James K. A. Smith on the importance of the dinner table

I'm reading through James K. A. Smith's excellent new book, You Are What You Love. I highly recommend this book. Here are some of Smith's thoughts on the formative power of families eating dinner together: For example: never underestimate the formative power of the family supper table. This vanishing liturgy is a powerful site of formation. Most of the time it will be hard to keep the cathedral in view, especially when dinner is the primary occasion for sibling bickering. Yet even then, members of your little tribe are learning to love their neighbor. And your children are learning something about the faithful promises of a covenant-keeping Lord in the simple routine of that daily promise of dinner together (132). Smith continues: The table at home is an echo of the Lord’s Table; the communion of the saints is given microcosmic expression in the simple discipline of daily dinner together. There is an ongoing dance...

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A modest, post-election goal for everyone

We just finished perhaps the most divisive election in modern history. The good news is that the election is over and we are experiencing what few countries experience: a peaceful transfer of power. It was good to see the President and President-elect meet and discuss the transition. But there is stil much division in the country. I can commend a few pieces to you on this. First one by my boss Russell Moore and another by a favorite pastor of mine, Erwin Lutzer. You might also read this great piece at Desiring God and this analysis of the election by Kirsten Powers. I also loved this beautiful gospel testimony by Ernie Johnson. We are a divided nation and, even if they give it their best, our political leaders and parties and movements cannot bring the kind of unity we need. Only neighbor-love, expressed by the people of God, can help show a...

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Five Great Reads on Theo Epstein

If you haven't heard, the Cubs just won the World Series. No really, they did. The pathway from a team mired in mediocrity to a first-class operation began with the brilliant hire, by new owner Tom Ricketts, of Theo Epstein as president of baseball operations. When Ricketts made this move in 2011, I knew the Cubs were finally serious about building a wining club. I've been indulging, lately, in profiles of Theo. Here are a few of my favorites: The Curious Have Won - a terrific Ringer piece by Rany Jazayerli on the vindication of the gradual move in baseball toward a data-driven approach. Theo's Curse Breakers - the Five-Thirty-Eight Treatment. Really the combination of Five-Thirty-Eight and Theo Epstein is like the nerd/analytics/data perfect storm Theo Epstein is the Man Behind the Cub Season - the Wright Thompson treatment. I love reading Wright Thompson and here he really gets inside Theo's world. A terrific...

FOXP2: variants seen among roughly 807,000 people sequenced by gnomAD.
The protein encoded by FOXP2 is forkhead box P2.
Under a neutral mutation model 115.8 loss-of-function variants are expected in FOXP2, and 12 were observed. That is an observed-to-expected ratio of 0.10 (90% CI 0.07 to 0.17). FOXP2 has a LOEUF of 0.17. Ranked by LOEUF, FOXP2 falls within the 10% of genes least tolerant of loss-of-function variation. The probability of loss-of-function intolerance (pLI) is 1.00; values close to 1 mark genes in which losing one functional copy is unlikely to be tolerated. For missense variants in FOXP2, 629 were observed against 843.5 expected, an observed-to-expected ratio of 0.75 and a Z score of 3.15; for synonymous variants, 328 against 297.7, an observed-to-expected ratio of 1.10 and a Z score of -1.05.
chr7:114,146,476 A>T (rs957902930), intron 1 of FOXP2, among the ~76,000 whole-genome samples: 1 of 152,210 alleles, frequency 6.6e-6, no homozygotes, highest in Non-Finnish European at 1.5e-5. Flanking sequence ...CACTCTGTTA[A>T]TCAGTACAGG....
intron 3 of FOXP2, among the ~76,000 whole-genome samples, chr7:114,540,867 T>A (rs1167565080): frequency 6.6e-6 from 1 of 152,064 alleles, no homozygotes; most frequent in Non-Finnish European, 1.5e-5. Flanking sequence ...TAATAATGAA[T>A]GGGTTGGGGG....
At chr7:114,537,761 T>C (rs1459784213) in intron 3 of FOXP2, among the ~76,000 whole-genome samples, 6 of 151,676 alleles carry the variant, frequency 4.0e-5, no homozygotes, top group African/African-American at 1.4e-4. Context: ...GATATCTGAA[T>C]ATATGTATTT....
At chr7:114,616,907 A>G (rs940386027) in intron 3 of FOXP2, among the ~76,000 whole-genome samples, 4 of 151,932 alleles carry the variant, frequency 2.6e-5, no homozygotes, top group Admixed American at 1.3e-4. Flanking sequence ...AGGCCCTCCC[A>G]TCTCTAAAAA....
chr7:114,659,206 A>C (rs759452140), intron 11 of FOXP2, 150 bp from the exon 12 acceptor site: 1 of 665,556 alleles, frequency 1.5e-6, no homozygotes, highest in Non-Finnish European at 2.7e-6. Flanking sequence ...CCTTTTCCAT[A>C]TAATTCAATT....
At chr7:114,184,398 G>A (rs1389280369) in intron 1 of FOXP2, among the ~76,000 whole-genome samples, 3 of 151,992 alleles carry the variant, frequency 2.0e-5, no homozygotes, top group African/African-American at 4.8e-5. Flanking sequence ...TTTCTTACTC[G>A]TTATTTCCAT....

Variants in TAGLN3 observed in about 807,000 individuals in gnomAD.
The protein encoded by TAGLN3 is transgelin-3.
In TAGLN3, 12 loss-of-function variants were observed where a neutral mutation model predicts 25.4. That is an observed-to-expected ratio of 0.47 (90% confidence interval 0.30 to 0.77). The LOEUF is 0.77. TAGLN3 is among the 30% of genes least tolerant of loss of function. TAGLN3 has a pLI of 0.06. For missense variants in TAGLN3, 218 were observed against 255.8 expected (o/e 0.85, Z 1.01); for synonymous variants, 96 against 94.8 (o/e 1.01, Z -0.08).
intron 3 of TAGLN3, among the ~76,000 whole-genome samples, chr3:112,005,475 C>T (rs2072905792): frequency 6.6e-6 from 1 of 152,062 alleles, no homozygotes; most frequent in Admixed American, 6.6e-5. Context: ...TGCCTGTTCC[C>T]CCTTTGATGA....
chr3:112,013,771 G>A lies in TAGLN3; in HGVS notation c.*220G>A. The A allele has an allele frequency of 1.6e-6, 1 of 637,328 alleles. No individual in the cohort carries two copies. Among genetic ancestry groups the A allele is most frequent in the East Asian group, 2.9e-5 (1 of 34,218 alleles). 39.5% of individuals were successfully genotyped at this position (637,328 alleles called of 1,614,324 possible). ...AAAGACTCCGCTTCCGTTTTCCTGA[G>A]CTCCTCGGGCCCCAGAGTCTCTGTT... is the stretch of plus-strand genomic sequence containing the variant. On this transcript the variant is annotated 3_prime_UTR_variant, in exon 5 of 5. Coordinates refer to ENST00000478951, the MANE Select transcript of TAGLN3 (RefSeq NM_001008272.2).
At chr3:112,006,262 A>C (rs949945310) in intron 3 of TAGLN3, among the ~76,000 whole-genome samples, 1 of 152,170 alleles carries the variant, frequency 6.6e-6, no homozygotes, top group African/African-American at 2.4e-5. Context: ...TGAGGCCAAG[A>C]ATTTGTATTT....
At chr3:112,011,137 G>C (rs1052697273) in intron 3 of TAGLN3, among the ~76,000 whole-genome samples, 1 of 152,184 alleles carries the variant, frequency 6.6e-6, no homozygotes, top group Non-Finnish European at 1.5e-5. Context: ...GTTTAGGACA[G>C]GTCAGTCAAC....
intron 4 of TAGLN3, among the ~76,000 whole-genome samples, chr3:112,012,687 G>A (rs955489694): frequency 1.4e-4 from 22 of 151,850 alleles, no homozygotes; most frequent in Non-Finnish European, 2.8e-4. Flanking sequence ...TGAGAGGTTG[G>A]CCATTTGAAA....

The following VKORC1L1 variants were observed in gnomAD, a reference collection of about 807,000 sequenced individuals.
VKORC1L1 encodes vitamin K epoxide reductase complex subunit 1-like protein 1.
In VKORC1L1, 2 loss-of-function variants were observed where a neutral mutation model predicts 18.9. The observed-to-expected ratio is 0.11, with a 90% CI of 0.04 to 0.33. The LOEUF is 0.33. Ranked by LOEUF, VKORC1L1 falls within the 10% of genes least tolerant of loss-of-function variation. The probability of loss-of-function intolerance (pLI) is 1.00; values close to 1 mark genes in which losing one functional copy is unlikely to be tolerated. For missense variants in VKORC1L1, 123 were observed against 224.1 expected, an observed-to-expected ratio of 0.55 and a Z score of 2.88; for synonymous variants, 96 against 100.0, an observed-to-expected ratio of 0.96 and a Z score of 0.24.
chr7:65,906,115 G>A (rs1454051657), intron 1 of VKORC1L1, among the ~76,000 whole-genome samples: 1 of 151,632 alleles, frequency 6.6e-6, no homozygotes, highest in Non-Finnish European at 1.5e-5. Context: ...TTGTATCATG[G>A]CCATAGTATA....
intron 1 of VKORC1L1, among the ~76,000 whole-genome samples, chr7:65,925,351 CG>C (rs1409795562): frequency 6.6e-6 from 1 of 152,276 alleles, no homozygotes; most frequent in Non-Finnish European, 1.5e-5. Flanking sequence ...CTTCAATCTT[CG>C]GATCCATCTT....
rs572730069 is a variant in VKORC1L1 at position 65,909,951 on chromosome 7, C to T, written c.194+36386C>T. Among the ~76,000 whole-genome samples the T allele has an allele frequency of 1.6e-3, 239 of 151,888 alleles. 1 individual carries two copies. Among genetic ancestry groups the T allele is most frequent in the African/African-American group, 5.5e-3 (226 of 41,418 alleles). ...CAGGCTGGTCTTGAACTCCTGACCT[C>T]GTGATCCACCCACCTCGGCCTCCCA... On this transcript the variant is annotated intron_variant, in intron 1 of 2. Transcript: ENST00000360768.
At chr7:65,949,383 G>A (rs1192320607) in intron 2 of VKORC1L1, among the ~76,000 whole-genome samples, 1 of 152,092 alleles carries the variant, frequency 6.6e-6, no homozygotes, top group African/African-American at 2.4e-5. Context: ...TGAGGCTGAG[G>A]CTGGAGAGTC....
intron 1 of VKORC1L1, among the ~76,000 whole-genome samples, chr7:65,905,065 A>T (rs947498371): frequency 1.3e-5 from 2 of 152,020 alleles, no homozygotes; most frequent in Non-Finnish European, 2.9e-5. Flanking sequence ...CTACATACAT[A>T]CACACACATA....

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Teach Us to Pray: Give Us This Day Our Daily Bread

This is part of an occasional series of posts on the Lord’s Prayer. You can read the previous entries in this series here, here, here, here, here, and here. Today’s post looks at the phrase “Give us this day our daily bread” from the Lord’s Prayer. This is the first in a series of three so-called “earthy” requests, in contrast to the first three “heavenly” requests. “Give us this day”, we are to pray, “our daily bread.” What does it mean to pray this prayer? Even in what seems like a rather simple request like “Give us this day our daily bread,” we find six important qualities God wants to grow in us through prayer: 1)   Worship The first thing we learn from this simple line of request is the nature of worship. You notice that before we get to our concerns, we have prayed through God’s concerns. This is an important life...

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